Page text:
In order to deter insider dealing and market manipulation, and restore confidence in financial markets, the European Commission has proposed a framework that would require all Member States (MS) to impose criminal sanctions for market abuse.
Recent cases of financial market abuse, e.g. the manipulation of the Libor benchmark rate, have damaged investor confidence. Market abuse comprises behaviour such as insider dealing or market manipulation, which undermine the integrity of financial markets. Insider dealing is the trading of a financial instrument on the basis of privileged information which is not yet available to other market participants and is therefore not reflected in market prices. Market manipulation occurs when a market participant spreads misleading information or executes trades in order to influence market prices.
The EC therefore proposed in October 2011 a reform consisting of a Regulation on insider dealing and market manipulation (informally the Market Abuse Regulation, MAR) and a Directive on criminal sanctions for insider dealing and market manipulation (CSMAD). These are part of a wider package of measures aimed at regulating financial markets and establishing a banking union. The MAR, for which the European Parliament approved in September 2013 a compromise agreed in trilogue, replaces the Market Abuse Directive (2003/6/EC). MAR broadens the scope to other types of financial instruments, introduces clearer definitions, clarifies procedures for handling insider information, reduces administrative burdens on SMEs and strengthens national authorities.
Criminal sanctions for market abuse are the responsibility of Member States. MS currently have divergent definitions of the offences and impose different penalties. Most MS have both administrative and criminal sanctions. In some MS, administrative and criminal sanctions can be applied cumulatively. Maximum prison sentences – where specified – range from 30 days (Estonia) to 12 years (Italy and Slovakia) for insider dealing, and from 30 days (Estonia) to 15 years (Slovakia) for market manipulation. These discrepancies allow offenders to carry out market abuse across borders, operating from the most lenient jurisdictions.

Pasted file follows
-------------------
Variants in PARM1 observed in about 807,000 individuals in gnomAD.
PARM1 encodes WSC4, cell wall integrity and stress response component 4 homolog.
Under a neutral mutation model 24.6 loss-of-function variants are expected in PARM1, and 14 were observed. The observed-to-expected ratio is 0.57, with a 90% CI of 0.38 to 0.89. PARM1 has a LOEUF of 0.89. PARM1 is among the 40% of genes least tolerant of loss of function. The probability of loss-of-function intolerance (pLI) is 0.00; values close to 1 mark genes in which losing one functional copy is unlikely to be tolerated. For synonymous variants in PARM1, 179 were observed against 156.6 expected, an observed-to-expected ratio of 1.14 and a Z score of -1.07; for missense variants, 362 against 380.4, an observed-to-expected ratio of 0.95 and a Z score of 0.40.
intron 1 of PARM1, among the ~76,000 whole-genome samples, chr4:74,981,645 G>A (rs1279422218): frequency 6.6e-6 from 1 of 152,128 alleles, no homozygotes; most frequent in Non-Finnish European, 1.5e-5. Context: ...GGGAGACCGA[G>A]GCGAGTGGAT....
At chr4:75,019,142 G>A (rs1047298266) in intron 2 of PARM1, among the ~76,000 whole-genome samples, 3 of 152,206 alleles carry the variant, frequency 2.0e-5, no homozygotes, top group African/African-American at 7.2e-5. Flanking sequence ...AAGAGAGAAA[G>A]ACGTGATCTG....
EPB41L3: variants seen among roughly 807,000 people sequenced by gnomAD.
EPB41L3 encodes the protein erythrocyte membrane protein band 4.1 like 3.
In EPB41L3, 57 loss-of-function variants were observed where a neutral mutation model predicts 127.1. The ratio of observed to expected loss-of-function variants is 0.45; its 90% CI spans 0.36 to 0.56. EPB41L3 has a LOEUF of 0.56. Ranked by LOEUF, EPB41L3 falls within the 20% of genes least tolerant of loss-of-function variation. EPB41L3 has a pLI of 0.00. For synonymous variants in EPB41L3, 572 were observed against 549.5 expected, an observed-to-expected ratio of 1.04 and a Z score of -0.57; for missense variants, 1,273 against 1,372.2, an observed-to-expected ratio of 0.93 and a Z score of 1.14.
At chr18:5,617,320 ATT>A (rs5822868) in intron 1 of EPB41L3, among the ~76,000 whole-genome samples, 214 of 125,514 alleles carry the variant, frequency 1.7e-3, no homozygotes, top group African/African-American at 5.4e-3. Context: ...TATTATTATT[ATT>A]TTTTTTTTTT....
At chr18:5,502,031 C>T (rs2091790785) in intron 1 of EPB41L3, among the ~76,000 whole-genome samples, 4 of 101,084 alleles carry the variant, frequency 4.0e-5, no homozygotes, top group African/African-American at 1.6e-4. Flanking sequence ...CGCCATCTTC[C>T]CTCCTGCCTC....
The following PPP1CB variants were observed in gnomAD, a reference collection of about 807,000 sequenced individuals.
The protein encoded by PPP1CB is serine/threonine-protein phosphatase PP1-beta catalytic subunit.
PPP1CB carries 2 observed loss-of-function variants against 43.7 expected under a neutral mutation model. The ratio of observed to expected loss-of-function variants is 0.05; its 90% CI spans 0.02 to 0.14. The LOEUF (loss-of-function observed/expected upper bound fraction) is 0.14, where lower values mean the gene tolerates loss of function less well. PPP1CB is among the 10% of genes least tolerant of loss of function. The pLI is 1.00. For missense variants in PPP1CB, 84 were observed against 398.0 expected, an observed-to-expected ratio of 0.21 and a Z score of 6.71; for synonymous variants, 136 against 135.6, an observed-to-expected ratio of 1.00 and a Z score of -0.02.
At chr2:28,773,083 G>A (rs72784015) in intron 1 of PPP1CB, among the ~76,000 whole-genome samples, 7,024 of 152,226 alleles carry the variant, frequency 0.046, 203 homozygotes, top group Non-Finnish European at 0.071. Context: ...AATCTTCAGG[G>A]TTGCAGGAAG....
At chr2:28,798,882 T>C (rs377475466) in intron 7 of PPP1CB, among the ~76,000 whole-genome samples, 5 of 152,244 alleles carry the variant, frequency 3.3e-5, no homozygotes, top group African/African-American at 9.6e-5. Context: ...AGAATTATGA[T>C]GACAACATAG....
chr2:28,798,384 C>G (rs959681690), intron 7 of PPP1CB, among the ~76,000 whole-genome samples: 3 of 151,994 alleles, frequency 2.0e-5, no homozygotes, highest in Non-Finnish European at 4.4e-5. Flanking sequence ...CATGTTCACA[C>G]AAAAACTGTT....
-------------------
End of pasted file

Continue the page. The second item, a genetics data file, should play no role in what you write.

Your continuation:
The CSMAD would require all MS to make market abuse punishable with “effective, proportionate and dissuasive” criminal sanctions. It would be the first use of the criminal law competences of the Lisbon Treaty (Article 83(2) TFEU), harmonising criminal sanctions to ensure effective implementation of EU policy.
European Parliament and Council
The Economic and Monetary Affairs Committee (ECON) adopted a report in October 2012 (rapporteur Arlene McCarthy, S&D, UK), which supported harmonisation of the maximum sanctions and called on MS to provide national authorities with the resources, training and tools needed for investigation and prosecution.
In December 2012, Council adopted a general approach. Denmark and the UK, where market abuse is already punishable by imprisonment, will not participate in the CSMAD, whereas Ireland decided to opt in.
On 20 December 2013, Parliament and Council reached a trilogue agreement that would impose maximum prison sentences of at least four years for serious cases of insider dealing and market manipulation, and at least two years for improper disclosure of privileged information, as requested by Parliament. In January 2014, the ECON committee voted unanimously in favour of the compromise text.